Rachel Armstrong (UK) – Meta.Morf 2018 Conference @ Dokkhuset, March 9 – 10, 2018.
See full program here.

A Beautiful Accident

In an emerging ecological era, it is time to step aside the gridlock of mind body dualism and explore new ways of accessing, experiencing and embodying consciousness. By drawing together physical awareness and technological invention with mindful experience, our lived encounters with reality may become richer and more meaningful. We may even increase our receptiveness and capacity to think along with each other. 

The fifth Trondheim biennale, Meta.Morf 2018 – A Beautiful Accident, invites us to open up the space between matter and mind, so that we can extrude our being-in-the-world into new spaces. For this, we need new metaphors, technologies and cultural expressions that examine the interconnectedness of the mind with physical reality. Here, we can anticipate how we might live, work and dream – alone and together. A Beautiful Accident therefore explores a range of contemporary portraits of consciousness for the twenty-first century, so that we can consider what we might become in an age of advanced communications, biotechnology and ecosystems in flux. The third millennial cultural landscape is also embracing an era of new materialism, an enlivened material realm where matter no longer needs an external agency to act, but possesses innate vibrancy. Alternative models of consciousness are needed to articulate the relationship between agency, mind and the material realm. Indeed, if our concepts of consciousness are to remain relevant to the significant environmental issues that beset the Anthropocene, our conversations must go beyond the dualistic divide that separates the experience of thought from physical encounters, so that our aspirations and desires are experienced in ways that enhance the liveliness of the planet. 

A Beautiful Accident therefore adopts an experimental approach towards the nature of third millennial consciousness. As a concept, the definition is not absolute – but is continually updated by our value systems, so that it can address critical issues of existence relevant to the biggest questions of our time. For example, consciousness invokes notions of our embodiment, identity, relationships with machines, kinship with nonhumans, role in the cosmos and connection with the natural realm. When brought into proximity with technically mediated systems like artificial intelligence, neuroscience, the digital cloud, or extraterrestrial communications, we can potentially shape new relationships between the agents of consciousness. Not all possibilities however, rely on technological breakthroughs but extend into unconventional realms where, for example, transitional substances may occupy in-between states of body and spirit. For example, symbolic ‘data’ can be directly linked through digital computing networks to our lived experiences of the world in smart spaces.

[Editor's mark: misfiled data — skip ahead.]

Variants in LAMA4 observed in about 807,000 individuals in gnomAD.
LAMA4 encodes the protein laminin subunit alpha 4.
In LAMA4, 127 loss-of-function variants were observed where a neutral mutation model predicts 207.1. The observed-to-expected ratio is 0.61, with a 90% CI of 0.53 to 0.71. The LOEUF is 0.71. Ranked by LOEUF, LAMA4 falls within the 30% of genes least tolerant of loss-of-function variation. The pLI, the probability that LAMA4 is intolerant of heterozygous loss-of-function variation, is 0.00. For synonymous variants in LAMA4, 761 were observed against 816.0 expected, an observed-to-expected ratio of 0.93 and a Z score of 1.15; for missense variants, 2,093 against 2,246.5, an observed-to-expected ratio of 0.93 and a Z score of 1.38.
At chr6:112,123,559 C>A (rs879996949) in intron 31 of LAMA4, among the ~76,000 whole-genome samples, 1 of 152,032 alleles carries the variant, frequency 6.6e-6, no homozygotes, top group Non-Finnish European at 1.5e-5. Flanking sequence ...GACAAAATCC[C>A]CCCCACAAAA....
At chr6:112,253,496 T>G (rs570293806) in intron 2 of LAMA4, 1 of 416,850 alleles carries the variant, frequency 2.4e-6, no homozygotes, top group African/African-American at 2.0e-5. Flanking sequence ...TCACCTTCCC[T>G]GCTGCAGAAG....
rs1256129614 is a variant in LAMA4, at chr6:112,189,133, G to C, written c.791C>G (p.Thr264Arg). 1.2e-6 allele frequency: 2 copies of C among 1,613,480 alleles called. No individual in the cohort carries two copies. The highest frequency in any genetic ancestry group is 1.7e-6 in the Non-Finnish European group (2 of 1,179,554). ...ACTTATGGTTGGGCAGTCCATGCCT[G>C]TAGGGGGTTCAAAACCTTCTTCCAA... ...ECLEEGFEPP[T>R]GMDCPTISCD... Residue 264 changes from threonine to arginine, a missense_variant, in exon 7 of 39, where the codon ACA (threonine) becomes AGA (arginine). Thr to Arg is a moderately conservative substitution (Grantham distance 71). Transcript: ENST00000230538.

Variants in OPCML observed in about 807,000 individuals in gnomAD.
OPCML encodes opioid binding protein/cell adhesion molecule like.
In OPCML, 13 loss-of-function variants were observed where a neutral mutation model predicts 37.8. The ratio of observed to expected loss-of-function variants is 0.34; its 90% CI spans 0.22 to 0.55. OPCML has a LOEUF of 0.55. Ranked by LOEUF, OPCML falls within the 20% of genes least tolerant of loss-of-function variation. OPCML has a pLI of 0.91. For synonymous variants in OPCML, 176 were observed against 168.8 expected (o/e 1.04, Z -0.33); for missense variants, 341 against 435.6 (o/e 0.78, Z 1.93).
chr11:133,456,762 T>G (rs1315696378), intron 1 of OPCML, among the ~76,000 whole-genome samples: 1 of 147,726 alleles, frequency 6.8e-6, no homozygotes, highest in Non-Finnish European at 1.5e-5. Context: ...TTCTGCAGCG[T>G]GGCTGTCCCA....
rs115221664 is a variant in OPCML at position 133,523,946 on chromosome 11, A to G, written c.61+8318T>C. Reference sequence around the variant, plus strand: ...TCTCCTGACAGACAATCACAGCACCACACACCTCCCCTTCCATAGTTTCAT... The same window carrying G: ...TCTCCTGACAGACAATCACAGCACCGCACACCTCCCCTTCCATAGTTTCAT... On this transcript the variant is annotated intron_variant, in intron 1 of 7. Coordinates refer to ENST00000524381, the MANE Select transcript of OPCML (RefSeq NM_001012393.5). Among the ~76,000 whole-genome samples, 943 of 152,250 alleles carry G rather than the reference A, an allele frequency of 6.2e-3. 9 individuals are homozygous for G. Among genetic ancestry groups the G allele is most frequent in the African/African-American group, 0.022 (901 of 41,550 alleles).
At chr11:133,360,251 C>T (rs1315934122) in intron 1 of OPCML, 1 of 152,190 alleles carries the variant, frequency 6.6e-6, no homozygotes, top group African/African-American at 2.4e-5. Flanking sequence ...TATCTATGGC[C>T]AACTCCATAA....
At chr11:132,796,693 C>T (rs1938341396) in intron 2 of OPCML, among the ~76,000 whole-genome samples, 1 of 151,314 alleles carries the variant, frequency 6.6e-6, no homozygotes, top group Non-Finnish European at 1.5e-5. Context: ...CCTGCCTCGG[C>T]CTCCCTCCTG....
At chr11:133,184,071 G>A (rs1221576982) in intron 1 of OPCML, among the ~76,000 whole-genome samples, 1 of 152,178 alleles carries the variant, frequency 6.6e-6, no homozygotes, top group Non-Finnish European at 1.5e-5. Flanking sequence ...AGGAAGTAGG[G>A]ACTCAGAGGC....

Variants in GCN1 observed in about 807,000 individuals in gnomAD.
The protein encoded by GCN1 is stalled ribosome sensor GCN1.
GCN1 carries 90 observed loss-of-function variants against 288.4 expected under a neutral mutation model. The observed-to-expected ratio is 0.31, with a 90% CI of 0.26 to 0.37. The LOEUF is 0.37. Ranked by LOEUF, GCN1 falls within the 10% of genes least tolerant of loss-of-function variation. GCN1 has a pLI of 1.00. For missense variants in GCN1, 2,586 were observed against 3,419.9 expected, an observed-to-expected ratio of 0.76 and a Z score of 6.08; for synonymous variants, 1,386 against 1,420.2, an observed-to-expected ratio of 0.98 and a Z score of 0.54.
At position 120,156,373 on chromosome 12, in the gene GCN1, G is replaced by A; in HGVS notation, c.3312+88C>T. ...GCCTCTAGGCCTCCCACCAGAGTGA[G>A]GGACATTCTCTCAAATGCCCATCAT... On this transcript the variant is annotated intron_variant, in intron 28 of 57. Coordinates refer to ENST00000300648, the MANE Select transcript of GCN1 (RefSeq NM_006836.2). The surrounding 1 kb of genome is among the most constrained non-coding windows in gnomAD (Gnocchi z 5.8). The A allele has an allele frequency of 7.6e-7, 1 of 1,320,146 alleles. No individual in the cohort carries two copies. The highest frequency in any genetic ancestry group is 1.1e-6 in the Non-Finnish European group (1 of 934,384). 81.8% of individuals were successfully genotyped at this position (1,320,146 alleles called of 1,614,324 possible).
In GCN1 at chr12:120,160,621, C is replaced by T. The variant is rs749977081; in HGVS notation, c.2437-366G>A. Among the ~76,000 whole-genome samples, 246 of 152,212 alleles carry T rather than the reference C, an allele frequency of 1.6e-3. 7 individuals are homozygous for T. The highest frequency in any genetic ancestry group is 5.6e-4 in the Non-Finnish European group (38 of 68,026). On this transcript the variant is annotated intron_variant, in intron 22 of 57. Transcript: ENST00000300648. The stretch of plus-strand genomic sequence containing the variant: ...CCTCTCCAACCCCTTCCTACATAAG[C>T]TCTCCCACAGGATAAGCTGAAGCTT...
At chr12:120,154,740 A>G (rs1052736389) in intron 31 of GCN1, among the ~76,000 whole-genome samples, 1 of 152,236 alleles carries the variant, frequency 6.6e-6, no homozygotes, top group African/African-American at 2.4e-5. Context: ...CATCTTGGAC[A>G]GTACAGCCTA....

A Beautiful Accident aims to explore nascent possibilities of consciousness – not to close down discussion by finding formal resolutions – such as whether consciousness is produced de novo by the brain – but to open up new conversations by seeking alternative poetics, models, practices, modes of artistic expression, performances and technological developments that question accepted conventions. In an ecological era, we seek coherence between the sensible and cognitive realms, which translate into synergistic relationships with our environment and ecosystems. Perhaps we may even become consciously entangled with planetary systems bringing new relevance to discourses about Gaia, the noosphere, technosphere and Bruno Latour’s (posthuman) Earthbound. Like a phantom, consciousness conjures a tirelessly fascinating realm of existence that slips between immateriality and manifestation. The mind’s massive parallelism, which – from what we know about its physiology – is not only extraordinarily challenging to model, but is also expressed through many media. Moreover, its outputs can be read in many ways, for example, as conversation, body language, ‘bio’ electricity and chemical gradients. Indeed, the actual experiences that we encounter through being in possession of a brain, is rich in contradictions. For starters, it is impossible to be impartial about the very act of thinking. We are enmeshed in evidence that is never entirely objective. While the brain is regarded as a discrete organ that, from an operational perspective, is massively distributed through its entanglements with the body’s sensory system, and its activity is reported through single, subjective, interiorized narratives, it is also not self-referential but responsive to other agents. Perhaps then, with the advent of technological extrusions, intimate communications systems and conversations with nonhumans, we may significantly change the quality of our thoughts, behaviours and notions of identity. What might some of the possibilities be?